It seems so overwhelming right now and you have to work through those feelings but trust me when I say the day will come that you will be truly thankful that he only has PKU and not something worse. And when he starts to smile and coo and giggle and roll and crawl you will forget all about brain damage. I am here if you need anything…but I am still learning too!!!
Congratulations on your new baby. My son, Ian (who is now 8 months) old was born with hyperphe also. At first I was so scared and like you, shocked that I had never heard of PKU. It was a very hard thing to hear that something was wrong with my baby.
He is doing very well though, when he was born his level was 5.6 and it had been around 3 until he started eating more foods. Its really a trial and error to see what food they can tolerate when they have mild PKU. Of course, right now Ian is on the everything but meat diet, but his levels have raised quite a bit from bread and pasta.
I have to agree with AceMommy, once it settles on you and the shock wears off you will be so thankful that your son has such a manageable condition, compared to some of the other terrible things he could have.
AceMommy, I was so glad to hear what you said about levels leading to brain damage (15 or above for a month+). I have a beautiful son who will be 4 months in just a week (I can't believe it) and he has been classified as a 'moderate PKU' early on. Due to several growth spurts in the last couple of months (he went from being 70th percentile in height at birth to 97% by 3 months), he has also gone through a couple rapid changes in his Phe needs and consequently, in blood Phe levels. Once his blood Phe dropped to .42, the dietitian decreased Periflex Infant by 15 g, and the week after we were up to 11 mg blood Phe level. Long story short, he has been around 10 mg for the past 3 weeks and I was worried sick that it would have permanent effect on him. The dietitian finally bumped up his Periflex intake up by 20 g per day, so hopefully, this will bring the Phe level below 4, so I can breath easier.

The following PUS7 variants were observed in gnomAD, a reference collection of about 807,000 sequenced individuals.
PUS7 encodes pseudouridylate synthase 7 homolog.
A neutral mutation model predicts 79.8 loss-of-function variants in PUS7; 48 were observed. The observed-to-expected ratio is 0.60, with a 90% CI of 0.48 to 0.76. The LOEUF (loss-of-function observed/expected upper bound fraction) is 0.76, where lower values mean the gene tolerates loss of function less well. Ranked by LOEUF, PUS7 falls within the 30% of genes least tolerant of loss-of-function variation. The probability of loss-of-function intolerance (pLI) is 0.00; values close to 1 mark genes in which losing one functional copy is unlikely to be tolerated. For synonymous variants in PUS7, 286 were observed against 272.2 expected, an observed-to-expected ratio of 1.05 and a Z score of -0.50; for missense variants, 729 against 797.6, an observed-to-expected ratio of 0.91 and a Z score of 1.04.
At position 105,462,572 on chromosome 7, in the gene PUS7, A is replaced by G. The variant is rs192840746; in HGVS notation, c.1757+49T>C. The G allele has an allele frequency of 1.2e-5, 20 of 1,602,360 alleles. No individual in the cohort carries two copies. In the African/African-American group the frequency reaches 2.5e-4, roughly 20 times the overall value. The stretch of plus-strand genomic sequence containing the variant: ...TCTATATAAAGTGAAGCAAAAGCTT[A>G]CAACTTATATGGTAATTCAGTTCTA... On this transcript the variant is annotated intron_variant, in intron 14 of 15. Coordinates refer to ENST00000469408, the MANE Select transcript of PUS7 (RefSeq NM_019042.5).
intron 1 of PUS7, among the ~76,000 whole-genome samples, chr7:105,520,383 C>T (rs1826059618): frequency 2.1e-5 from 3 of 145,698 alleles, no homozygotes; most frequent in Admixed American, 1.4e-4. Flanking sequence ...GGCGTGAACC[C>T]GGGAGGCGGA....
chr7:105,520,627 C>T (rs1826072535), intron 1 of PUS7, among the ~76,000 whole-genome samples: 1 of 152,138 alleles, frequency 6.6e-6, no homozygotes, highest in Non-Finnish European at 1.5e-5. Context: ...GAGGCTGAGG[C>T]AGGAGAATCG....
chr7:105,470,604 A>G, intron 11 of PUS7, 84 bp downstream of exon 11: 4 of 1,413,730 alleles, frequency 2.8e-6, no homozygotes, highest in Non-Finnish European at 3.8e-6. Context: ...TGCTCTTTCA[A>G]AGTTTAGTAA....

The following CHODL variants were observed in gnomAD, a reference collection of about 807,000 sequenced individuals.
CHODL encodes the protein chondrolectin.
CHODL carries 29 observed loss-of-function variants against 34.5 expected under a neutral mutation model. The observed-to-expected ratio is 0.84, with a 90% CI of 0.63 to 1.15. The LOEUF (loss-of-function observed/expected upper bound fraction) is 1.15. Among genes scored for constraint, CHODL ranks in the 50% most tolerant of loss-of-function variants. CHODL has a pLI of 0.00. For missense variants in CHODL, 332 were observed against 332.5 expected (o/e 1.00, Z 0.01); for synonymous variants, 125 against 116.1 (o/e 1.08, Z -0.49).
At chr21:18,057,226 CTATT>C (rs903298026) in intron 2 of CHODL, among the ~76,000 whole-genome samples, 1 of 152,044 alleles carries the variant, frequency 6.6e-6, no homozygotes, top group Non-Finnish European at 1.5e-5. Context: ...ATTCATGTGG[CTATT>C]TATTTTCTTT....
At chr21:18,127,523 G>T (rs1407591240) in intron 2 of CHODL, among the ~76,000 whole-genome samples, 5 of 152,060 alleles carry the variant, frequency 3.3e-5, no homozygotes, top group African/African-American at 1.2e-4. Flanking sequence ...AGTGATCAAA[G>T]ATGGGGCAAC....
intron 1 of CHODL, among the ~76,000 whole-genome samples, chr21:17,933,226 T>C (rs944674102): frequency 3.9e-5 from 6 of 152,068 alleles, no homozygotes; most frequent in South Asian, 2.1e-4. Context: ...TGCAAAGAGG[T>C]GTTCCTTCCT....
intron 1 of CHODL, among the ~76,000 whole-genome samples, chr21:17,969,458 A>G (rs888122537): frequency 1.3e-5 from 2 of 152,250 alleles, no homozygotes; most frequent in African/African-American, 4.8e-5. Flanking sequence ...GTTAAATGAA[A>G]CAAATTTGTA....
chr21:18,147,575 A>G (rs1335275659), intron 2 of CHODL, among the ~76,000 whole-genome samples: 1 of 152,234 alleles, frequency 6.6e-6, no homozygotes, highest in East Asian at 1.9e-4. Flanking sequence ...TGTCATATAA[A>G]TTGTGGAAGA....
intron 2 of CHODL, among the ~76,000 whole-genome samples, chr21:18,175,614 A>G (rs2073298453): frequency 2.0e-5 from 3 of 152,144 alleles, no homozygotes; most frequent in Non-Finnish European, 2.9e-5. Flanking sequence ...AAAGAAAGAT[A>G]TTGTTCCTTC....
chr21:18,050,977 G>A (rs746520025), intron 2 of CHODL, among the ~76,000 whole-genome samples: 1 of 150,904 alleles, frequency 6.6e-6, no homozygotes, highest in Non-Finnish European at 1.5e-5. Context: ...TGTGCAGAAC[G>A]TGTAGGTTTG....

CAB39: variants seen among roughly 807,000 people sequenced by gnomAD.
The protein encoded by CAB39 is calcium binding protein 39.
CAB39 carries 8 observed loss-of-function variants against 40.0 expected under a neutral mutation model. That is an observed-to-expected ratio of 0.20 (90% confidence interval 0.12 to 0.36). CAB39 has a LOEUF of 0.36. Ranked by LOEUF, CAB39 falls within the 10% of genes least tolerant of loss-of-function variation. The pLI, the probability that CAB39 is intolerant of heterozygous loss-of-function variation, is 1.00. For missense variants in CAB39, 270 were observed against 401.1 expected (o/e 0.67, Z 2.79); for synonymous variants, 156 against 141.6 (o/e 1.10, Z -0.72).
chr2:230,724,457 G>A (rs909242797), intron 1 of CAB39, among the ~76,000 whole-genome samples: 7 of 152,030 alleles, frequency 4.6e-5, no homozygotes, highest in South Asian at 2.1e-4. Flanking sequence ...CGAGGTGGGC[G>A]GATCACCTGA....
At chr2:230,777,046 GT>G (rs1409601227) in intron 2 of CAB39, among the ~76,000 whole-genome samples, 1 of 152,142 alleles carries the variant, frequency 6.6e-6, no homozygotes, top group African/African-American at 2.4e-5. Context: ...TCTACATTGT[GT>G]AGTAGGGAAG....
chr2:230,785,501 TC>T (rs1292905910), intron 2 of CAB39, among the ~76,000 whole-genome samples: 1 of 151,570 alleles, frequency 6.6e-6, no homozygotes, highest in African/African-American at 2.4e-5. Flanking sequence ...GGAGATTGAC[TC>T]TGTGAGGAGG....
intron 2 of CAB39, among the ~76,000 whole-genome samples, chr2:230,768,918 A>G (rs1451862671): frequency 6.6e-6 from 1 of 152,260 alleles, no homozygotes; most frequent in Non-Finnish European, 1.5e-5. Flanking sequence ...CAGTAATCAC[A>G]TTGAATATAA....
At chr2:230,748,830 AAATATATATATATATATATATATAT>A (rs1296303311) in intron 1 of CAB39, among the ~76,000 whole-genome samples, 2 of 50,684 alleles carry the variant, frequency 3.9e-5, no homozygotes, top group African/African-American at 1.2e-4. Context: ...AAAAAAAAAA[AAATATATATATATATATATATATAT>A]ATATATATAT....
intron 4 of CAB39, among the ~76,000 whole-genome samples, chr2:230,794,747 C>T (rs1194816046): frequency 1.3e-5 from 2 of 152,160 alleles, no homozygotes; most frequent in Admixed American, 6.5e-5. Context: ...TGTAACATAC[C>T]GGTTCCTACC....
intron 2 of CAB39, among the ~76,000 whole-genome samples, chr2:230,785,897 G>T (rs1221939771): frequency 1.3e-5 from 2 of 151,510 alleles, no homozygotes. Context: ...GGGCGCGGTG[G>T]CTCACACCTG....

It's been quite a journey so far. I am at a point when most days I am grateful for such a manageable condition. Although, there are still days when I am worried sick.
I am so glad that information helped you! I know it helped me relax…..I used to live in a constant state of fear that a 7 was going to damage his brain!!! Our pediatrician did a HORRIBLE job of informing us that Ace had PKU (basically handed me a paper that said he was going to have seizures and be mentally retarded, told me to stop breastfeeding him and that we had to take him to the PKU clinic and left the room!). It took me months to recover from that and to believe anything my clinic said about Ace living a healthy normal life. Like you said its been quite a journey….but I am also at the point where I look at kids in wheelchairs or with autism and am thankful that Ace isn't in that situation.
I think the other thing to remember…..and I may be wrong about this….but I feel like he made not have a level of 10 all day long…..maybe it was just that high when you took his blood? I am starting to relax about it all….but we are also starting solids and I feel my anxiety level starting to rise:)
AceMommy… Thank you once again! Good luck with solids and please keep us posted on how your little guy and you are doing!
Oh… and regarding the pediatrician – that is just sick! I felt nervous enough because our regular pediatrician seemed to have been clueless regarding this condition and relied completely on the specialist, but at least, she didn't offer any clueless prognosis. That must have been absolutely terrifying!
Oh wow that is terrible how he told you. Thankfully our pedi was very nice about it and let me sit in his office and cry til I felt better so I didnt have to walk out of the office crying in front of everyone